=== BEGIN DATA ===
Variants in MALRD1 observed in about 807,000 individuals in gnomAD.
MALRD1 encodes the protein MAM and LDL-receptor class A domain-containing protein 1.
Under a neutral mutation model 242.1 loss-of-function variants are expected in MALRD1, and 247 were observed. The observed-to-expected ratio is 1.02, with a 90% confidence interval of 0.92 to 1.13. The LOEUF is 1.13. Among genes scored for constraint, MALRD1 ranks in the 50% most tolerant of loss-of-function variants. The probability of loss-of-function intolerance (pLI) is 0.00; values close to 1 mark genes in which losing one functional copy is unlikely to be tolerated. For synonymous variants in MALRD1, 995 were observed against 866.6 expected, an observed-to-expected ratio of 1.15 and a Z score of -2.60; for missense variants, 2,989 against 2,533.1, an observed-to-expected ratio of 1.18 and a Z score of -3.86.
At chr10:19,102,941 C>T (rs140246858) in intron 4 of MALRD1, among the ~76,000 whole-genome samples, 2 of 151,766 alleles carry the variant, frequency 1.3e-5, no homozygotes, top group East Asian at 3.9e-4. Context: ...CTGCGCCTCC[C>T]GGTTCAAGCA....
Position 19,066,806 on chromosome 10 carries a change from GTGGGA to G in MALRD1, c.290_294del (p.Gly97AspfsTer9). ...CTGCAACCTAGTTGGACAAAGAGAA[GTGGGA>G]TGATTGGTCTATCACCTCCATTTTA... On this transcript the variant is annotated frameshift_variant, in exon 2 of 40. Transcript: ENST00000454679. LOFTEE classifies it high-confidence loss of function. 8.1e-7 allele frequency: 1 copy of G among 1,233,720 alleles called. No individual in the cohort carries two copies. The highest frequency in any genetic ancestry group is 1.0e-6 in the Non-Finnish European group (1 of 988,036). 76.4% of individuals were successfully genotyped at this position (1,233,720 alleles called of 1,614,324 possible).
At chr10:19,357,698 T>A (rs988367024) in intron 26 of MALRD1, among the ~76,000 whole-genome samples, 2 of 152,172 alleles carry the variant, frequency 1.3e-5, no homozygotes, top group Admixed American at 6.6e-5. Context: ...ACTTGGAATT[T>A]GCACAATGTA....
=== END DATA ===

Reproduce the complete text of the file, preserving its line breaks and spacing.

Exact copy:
Variants in MALRD1 observed in about 807,000 individuals in gnomAD.
MALRD1 encodes the protein MAM and LDL-receptor class A domain-containing protein 1.
Under a neutral mutation model 242.1 loss-of-function variants are expected in MALRD1, and 247 were observed. The observed-to-expected ratio is 1.02, with a 90% confidence interval of 0.92 to 1.13. The LOEUF is 1.13. Among genes scored for constraint, MALRD1 ranks in the 50% most tolerant of loss-of-function variants. The probability of loss-of-function intolerance (pLI) is 0.00; values close to 1 mark genes in which losing one functional copy is unlikely to be tolerated. For synonymous variants in MALRD1, 995 were observed against 866.6 expected, an observed-to-expected ratio of 1.15 and a Z score of -2.60; for missense variants, 2,989 against 2,533.1, an observed-to-expected ratio of 1.18 and a Z score of -3.86.
At chr10:19,102,941 C>T (rs140246858) in intron 4 of MALRD1, among the ~76,000 whole-genome samples, 2 of 151,766 alleles carry the variant, frequency 1.3e-5, no homozygotes, top group East Asian at 3.9e-4. Context: ...CTGCGCCTCC[C>T]GGTTCAAGCA....
Position 19,066,806 on chromosome 10 carries a change from GTGGGA to G in MALRD1, c.290_294del (p.Gly97AspfsTer9). ...CTGCAACCTAGTTGGACAAAGAGAA[GTGGGA>G]TGATTGGTCTATCACCTCCATTTTA... On this transcript the variant is annotated frameshift_variant, in exon 2 of 40. Transcript: ENST00000454679. LOFTEE classifies it high-confidence loss of function. 8.1e-7 allele frequency: 1 copy of G among 1,233,720 alleles called. No individual in the cohort carries two copies. The highest frequency in any genetic ancestry group is 1.0e-6 in the Non-Finnish European group (1 of 988,036). 76.4% of individuals were successfully genotyped at this position (1,233,720 alleles called of 1,614,324 possible).
At chr10:19,357,698 T>A (rs988367024) in intron 26 of MALRD1, among the ~76,000 whole-genome samples, 2 of 152,172 alleles carry the variant, frequency 1.3e-5, no homozygotes, top group Admixed American at 6.6e-5. Context: ...ACTTGGAATT[T>A]GCACAATGTA....